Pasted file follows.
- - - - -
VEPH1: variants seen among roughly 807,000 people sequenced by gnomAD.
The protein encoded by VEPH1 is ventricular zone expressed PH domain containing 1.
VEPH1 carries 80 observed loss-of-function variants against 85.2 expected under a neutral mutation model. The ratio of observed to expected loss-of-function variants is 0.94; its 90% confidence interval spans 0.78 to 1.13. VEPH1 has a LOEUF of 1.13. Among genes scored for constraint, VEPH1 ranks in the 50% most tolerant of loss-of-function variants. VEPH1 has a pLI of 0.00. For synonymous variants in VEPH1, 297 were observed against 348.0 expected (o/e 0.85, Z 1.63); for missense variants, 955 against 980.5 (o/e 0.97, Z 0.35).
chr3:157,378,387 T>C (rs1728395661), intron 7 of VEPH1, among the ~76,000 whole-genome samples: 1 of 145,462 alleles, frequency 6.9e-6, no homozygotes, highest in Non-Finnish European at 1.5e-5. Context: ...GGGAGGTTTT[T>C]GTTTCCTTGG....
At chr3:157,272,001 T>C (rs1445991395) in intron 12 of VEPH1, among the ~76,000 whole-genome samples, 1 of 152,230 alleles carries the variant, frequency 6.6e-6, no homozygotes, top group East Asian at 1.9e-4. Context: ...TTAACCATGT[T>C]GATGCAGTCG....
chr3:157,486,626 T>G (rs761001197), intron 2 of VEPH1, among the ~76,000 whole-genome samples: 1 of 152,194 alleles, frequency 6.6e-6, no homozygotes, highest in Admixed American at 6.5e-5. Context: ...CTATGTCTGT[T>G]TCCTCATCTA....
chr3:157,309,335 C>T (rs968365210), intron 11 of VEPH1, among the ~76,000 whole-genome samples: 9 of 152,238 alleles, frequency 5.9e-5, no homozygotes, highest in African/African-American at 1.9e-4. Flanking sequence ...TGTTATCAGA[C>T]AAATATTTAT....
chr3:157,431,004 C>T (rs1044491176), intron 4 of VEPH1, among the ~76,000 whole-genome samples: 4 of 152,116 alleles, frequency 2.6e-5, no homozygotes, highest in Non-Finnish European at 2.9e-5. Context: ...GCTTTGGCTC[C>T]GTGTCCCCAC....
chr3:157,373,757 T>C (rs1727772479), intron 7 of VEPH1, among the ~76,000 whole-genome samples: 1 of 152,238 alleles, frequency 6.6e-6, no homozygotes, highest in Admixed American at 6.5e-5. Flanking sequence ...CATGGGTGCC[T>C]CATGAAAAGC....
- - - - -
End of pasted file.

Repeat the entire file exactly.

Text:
VEPH1: variants seen among roughly 807,000 people sequenced by gnomAD.
The protein encoded by VEPH1 is ventricular zone expressed PH domain containing 1.
VEPH1 carries 80 observed loss-of-function variants against 85.2 expected under a neutral mutation model. The ratio of observed to expected loss-of-function variants is 0.94; its 90% confidence interval spans 0.78 to 1.13. VEPH1 has a LOEUF of 1.13. Among genes scored for constraint, VEPH1 ranks in the 50% most tolerant of loss-of-function variants. VEPH1 has a pLI of 0.00. For synonymous variants in VEPH1, 297 were observed against 348.0 expected (o/e 0.85, Z 1.63); for missense variants, 955 against 980.5 (o/e 0.97, Z 0.35).
chr3:157,378,387 T>C (rs1728395661), intron 7 of VEPH1, among the ~76,000 whole-genome samples: 1 of 145,462 alleles, frequency 6.9e-6, no homozygotes, highest in Non-Finnish European at 1.5e-5. Context: ...GGGAGGTTTT[T>C]GTTTCCTTGG....
At chr3:157,272,001 T>C (rs1445991395) in intron 12 of VEPH1, among the ~76,000 whole-genome samples, 1 of 152,230 alleles carries the variant, frequency 6.6e-6, no homozygotes, top group East Asian at 1.9e-4. Context: ...TTAACCATGT[T>C]GATGCAGTCG....
chr3:157,486,626 T>G (rs761001197), intron 2 of VEPH1, among the ~76,000 whole-genome samples: 1 of 152,194 alleles, frequency 6.6e-6, no homozygotes, highest in Admixed American at 6.5e-5. Context: ...CTATGTCTGT[T>G]TCCTCATCTA....
chr3:157,309,335 C>T (rs968365210), intron 11 of VEPH1, among the ~76,000 whole-genome samples: 9 of 152,238 alleles, frequency 5.9e-5, no homozygotes, highest in African/African-American at 1.9e-4. Flanking sequence ...TGTTATCAGA[C>T]AAATATTTAT....
chr3:157,431,004 C>T (rs1044491176), intron 4 of VEPH1, among the ~76,000 whole-genome samples: 4 of 152,116 alleles, frequency 2.6e-5, no homozygotes, highest in Non-Finnish European at 2.9e-5. Context: ...GCTTTGGCTC[C>T]GTGTCCCCAC....
chr3:157,373,757 T>C (rs1727772479), intron 7 of VEPH1, among the ~76,000 whole-genome samples: 1 of 152,238 alleles, frequency 6.6e-6, no homozygotes, highest in Admixed American at 6.5e-5. Flanking sequence ...CATGGGTGCC[T>C]CATGAAAAGC....